How developing countries are scaling up climate technology action


A key factor in tackling the climate crisis involves the widespread development and use of climate technologies, with technical and financial support for developing countries. The UN Climate Change secretariat, together with the UNEP DTU Partnership, has just released a new brochure containing success stories covering concrete examples of the latest climate technology action on the ground in different regions, countries and sectors.

“Technological innovation is central to low-emission and climate-resilient development throughout the world,” said UN Climate Change Executive Secretary Patricia Espinosa, underscoring its importance in meeting the goals of the Paris Climate Change Agreement, which is to hold the global average temperature rise to as close as possible to 1.5 degrees Celsius compared to the pre-industrial era.

Technology Needs Assessment (TNA) is a set of country-driven activities leading to the identification, prioritization and diffusion of climate technologies for mitigation and adaptation to climate change. Through a TNA, developing countries identify their climate technology needs. They then develop a technology action plan to turn their climate technology needs into concrete action on the ground.

One example showcased in the new publication comes from Ghana, which identified an ‘Integrated Climate Monitoring and Early Warning System’ as a key technology to increase the country’s resil­ience to climate change. Ghana prepared a readiness proposal aimed at strength­ening the country’s capacity to build an early warning sys­tem for droughts. Approved by the Green Climate Fund (GCF), the project will allow the country to adapt to increased climate variability within the agriculture and water sectors.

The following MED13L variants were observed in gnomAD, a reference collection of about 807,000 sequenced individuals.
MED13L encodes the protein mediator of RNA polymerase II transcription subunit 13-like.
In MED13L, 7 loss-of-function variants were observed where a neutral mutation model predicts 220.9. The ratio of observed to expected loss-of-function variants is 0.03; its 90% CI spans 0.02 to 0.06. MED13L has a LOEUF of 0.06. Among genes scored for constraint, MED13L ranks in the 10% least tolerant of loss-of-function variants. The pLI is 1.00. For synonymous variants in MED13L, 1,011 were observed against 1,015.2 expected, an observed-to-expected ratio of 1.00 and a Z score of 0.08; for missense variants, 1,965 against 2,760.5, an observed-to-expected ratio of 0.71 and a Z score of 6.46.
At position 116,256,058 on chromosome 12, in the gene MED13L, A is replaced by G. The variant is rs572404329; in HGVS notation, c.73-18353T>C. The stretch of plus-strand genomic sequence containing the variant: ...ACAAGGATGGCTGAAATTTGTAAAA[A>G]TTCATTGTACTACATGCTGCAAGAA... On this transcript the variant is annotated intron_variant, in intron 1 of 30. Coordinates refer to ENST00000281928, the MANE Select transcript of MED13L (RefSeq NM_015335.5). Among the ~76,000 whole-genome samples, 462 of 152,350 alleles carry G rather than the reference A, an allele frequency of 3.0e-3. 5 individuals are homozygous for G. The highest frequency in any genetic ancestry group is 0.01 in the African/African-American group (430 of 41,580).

A further example tackles unsustainable energy use in buildings in Armenia. Energy use is responsible for 24% of the country’s CO2 emissions and half of the energy use in buildings is dependent on imported fossil fuels. Armenia’s TNA identified improving energy efficiency in buildings as a high priority to reduce both CO2 emissions and dependence on fossil fuel imports. The project has re­ceived funding from the GCF with co-financing from other sources, thereby laying the basis for a more climate-sustainable buildings sector in accordance with Armenia’s Nationally Determined Contribution (NDC).

“The TNA process lays the foundation for solid proposals that are attractive to financial institutions and that help in national policy formation and the articulation of NDCs,” said Mark Radka, Chief of Energy, Climate and Technology at UN Environment.

The financial resources to support developing countries in conducting TNAs and implementing climate technology actions is provided by operating entities of the Financial Mechanism, such as the GCF, the Global Environment Facility (GEF) and other financial institutions. In addition, the Climate Technology Centre and Network (CTCN), the operational arm of the Technology Mechanism, provides technical assistance to developing countries to support the implementation of climate technology actions.

At the upcoming Climate Change Conference in Madrid, governments will consider how to further enhance support for the implementation of climate technology action on the ground with the support of the bodies of the Technology Mechanism – the Technology Executive Committee (TEC) and CTCN – as well as the operating entities of the Financial Mechanism – the GCF and the GEF. Various events will also take place showcasing some of the successfully implemented climate technology actions in developing countries.